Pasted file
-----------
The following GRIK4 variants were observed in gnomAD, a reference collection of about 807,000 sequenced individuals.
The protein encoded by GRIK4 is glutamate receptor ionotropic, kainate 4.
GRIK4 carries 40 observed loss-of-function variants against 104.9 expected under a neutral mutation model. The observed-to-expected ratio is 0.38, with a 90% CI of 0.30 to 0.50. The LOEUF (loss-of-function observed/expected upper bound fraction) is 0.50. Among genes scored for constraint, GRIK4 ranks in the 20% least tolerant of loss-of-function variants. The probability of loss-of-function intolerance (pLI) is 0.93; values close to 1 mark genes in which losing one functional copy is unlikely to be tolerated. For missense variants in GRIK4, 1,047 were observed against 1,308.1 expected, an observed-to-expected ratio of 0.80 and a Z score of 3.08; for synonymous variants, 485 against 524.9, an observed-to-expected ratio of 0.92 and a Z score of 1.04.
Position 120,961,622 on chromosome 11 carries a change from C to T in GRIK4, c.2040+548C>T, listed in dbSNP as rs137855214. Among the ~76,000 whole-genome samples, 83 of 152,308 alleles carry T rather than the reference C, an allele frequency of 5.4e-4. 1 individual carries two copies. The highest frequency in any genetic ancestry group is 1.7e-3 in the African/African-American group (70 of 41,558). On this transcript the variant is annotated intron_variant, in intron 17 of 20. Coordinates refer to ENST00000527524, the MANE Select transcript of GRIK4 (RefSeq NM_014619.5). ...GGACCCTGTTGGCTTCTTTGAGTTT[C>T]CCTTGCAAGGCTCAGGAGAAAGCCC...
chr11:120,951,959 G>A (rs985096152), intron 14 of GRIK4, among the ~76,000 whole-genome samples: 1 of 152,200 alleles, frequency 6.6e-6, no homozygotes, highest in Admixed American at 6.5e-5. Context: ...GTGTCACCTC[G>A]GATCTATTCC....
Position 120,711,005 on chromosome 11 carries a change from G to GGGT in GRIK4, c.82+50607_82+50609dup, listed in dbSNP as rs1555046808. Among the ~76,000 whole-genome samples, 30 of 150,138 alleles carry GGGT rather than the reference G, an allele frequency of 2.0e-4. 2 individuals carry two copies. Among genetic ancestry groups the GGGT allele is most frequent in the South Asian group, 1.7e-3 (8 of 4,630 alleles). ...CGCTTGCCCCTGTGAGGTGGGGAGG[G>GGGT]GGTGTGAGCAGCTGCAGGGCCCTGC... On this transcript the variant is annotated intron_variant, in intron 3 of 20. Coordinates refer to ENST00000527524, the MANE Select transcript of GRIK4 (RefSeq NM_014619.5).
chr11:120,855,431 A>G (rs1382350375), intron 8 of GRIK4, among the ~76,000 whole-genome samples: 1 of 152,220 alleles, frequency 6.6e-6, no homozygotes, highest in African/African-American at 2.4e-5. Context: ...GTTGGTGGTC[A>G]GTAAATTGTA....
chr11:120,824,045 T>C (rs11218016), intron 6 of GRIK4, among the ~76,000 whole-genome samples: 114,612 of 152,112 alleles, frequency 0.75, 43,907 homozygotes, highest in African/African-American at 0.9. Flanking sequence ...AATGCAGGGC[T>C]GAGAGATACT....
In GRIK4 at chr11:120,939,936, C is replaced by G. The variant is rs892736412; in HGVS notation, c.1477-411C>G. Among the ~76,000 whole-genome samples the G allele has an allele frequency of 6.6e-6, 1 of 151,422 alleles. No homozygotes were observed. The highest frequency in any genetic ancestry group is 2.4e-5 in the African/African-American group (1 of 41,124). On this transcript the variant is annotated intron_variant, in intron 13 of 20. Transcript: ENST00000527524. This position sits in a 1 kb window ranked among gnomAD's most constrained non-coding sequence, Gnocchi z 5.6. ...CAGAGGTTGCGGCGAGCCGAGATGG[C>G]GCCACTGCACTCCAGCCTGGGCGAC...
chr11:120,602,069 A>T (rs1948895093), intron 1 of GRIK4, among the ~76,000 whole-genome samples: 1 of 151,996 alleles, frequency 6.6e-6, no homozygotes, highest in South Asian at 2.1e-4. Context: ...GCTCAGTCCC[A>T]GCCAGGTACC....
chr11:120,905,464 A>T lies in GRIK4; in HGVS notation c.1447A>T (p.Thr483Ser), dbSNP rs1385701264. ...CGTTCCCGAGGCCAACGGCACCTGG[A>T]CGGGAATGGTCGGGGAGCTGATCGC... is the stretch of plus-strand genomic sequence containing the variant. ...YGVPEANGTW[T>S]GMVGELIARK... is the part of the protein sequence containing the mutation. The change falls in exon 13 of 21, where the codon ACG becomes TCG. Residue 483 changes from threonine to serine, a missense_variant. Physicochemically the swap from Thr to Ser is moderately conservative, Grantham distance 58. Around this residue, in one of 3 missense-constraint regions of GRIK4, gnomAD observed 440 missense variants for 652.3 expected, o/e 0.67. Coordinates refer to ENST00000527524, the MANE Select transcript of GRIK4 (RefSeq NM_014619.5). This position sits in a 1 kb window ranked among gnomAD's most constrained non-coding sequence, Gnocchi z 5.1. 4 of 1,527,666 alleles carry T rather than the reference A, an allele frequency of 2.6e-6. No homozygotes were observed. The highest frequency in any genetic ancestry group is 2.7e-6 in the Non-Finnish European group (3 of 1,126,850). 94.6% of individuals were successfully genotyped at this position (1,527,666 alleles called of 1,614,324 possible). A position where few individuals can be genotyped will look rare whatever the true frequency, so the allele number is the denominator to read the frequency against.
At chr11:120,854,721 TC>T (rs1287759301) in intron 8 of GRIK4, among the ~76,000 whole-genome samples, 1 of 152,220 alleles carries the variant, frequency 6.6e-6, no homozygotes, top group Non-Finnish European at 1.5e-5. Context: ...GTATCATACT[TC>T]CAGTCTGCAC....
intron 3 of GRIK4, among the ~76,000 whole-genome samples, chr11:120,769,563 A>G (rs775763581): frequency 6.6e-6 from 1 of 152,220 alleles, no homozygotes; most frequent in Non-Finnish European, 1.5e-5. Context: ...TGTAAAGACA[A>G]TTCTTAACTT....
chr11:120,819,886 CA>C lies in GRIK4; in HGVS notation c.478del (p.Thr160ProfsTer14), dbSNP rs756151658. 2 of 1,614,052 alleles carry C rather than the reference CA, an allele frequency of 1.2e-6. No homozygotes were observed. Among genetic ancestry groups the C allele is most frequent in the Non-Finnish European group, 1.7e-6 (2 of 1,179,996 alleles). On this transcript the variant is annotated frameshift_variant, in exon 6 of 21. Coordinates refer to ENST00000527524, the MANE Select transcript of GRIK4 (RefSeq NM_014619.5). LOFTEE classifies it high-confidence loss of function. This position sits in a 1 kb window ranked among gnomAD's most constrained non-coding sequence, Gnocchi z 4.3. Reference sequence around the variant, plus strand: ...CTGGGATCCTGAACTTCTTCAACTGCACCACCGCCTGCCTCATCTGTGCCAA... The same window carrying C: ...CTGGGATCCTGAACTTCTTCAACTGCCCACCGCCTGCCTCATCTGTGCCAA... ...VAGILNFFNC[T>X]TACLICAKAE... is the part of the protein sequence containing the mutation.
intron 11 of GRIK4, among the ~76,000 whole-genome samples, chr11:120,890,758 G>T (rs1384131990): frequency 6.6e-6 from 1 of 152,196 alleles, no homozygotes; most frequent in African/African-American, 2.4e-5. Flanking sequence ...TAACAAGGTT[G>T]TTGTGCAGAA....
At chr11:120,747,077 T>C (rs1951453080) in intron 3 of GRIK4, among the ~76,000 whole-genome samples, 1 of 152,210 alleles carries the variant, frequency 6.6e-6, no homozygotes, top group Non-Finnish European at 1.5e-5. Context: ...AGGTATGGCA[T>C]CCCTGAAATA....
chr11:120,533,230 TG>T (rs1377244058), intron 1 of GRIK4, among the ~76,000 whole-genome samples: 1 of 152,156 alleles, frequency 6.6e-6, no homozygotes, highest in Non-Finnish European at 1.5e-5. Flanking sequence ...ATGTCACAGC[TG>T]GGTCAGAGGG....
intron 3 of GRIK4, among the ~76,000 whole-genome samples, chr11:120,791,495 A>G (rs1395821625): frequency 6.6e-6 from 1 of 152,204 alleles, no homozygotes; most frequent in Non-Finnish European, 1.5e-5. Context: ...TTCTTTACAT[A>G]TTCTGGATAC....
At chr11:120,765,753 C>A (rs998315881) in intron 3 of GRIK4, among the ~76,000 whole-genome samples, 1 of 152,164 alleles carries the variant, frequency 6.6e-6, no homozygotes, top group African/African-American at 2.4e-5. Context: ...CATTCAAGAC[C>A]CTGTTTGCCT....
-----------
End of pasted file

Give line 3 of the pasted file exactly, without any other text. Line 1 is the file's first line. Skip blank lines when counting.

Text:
GRIK4 carries 40 observed loss-of-function variants against 104.9 expected under a neutral mutation model. The observed-to-expected ratio is 0.38, with a 90% CI of 0.30 to 0.50. The LOEUF (loss-of-function observed/expected upper bound fraction) is 0.50. Among genes scored for constraint, GRIK4 ranks in the 20% least tolerant of loss-of-function variants. The probability of loss-of-function intolerance (pLI) is 0.93; values close to 1 mark genes in which losing one functional copy is unlikely to be tolerated. For missense variants in GRIK4, 1,047 were observed against 1,308.1 expected, an observed-to-expected ratio of 0.80 and a Z score of 3.08; for synonymous variants, 485 against 524.9, an observed-to-expected ratio of 0.92 and a Z score of 1.04.